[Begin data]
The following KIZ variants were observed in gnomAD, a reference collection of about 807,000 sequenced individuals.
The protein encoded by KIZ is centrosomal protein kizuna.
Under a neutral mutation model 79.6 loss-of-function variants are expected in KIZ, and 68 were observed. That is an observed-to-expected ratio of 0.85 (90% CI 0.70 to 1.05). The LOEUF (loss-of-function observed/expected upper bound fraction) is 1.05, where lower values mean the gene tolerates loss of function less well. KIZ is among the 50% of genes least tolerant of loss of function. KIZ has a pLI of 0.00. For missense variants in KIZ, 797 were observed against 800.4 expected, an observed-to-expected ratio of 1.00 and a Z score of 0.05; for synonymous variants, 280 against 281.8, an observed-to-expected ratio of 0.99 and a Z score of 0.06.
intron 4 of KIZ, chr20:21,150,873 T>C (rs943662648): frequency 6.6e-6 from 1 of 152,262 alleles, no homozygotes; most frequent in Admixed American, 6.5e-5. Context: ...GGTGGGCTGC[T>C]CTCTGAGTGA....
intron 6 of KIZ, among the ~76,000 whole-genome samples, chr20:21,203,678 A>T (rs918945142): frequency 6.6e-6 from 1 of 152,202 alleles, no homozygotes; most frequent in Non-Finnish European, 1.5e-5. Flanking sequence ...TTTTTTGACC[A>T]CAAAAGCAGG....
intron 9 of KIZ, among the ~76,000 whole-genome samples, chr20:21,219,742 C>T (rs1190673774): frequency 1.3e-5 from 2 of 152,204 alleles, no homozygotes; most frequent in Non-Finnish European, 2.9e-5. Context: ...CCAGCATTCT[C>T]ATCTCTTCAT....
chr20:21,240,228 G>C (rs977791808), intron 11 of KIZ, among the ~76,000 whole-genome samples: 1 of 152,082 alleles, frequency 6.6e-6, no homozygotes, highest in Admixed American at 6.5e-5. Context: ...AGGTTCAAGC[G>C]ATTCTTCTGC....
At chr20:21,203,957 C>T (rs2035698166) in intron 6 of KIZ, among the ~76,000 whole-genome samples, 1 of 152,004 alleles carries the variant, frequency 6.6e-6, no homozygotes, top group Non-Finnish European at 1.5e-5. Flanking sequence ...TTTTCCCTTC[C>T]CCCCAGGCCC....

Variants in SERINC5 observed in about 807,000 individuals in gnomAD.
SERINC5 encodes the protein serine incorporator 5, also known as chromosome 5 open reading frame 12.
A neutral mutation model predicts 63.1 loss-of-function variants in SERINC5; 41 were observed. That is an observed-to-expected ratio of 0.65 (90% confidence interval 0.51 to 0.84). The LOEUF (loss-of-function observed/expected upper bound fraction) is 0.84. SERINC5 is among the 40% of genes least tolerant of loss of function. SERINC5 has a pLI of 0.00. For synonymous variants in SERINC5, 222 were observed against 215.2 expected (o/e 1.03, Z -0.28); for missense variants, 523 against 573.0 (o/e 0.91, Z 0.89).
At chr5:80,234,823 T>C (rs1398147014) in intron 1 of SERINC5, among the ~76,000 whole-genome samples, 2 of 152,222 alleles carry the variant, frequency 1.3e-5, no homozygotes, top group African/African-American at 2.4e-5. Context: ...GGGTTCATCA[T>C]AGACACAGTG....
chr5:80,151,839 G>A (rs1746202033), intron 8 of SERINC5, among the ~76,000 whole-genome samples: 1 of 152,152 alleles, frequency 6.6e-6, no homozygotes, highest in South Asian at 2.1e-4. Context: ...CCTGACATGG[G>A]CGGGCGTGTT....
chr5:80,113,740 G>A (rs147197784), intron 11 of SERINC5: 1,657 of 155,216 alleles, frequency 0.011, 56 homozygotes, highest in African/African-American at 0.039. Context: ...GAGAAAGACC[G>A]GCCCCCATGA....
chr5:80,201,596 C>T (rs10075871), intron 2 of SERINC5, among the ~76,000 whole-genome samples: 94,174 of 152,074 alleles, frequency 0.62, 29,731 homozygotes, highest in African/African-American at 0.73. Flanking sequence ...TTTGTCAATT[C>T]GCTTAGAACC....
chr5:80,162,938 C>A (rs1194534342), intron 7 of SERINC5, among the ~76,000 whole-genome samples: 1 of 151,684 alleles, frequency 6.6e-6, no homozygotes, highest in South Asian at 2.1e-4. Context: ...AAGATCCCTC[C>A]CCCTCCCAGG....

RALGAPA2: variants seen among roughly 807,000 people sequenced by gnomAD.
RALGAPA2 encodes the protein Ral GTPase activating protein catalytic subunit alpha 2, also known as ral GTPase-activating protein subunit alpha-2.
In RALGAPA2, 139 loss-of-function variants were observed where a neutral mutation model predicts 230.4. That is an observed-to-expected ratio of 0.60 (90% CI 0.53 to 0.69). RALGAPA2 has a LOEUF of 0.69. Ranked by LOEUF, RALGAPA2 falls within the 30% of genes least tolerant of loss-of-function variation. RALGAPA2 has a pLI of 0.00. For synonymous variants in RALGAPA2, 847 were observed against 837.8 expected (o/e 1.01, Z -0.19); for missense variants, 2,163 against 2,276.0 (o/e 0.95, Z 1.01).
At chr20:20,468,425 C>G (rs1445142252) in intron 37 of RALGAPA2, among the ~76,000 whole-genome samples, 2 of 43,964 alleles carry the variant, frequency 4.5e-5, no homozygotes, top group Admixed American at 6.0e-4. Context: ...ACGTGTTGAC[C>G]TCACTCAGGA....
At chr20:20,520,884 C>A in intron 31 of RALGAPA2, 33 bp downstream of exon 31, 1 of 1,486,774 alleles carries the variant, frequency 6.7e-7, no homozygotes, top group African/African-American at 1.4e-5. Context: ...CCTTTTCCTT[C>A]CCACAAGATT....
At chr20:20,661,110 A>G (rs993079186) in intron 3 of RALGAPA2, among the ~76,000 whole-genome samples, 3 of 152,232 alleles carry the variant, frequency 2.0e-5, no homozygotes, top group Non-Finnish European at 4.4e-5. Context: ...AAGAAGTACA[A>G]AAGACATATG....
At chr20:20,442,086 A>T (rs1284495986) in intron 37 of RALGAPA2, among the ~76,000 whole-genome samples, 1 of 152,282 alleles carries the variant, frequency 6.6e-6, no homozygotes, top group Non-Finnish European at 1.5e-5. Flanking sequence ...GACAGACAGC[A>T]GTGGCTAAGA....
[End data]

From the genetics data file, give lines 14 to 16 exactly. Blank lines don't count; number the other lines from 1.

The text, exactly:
chr5:80,113,740 G>A (rs147197784), intron 11 of SERINC5: 1,657 of 155,216 alleles, frequency 0.011, 56 homozygotes, highest in African/African-American at 0.039. Context: ...GAGAAAGACC[G>A]GCCCCCATGA....
chr5:80,201,596 C>T (rs10075871), intron 2 of SERINC5, among the ~76,000 whole-genome samples: 94,174 of 152,074 alleles, frequency 0.62, 29,731 homozygotes, highest in African/African-American at 0.73. Flanking sequence ...TTTGTCAATT[C>T]GCTTAGAACC....
chr5:80,162,938 C>A (rs1194534342), intron 7 of SERINC5, among the ~76,000 whole-genome samples: 1 of 151,684 alleles, frequency 6.6e-6, no homozygotes, highest in South Asian at 2.1e-4. Context: ...AAGATCCCTC[C>A]CCCTCCCAGG....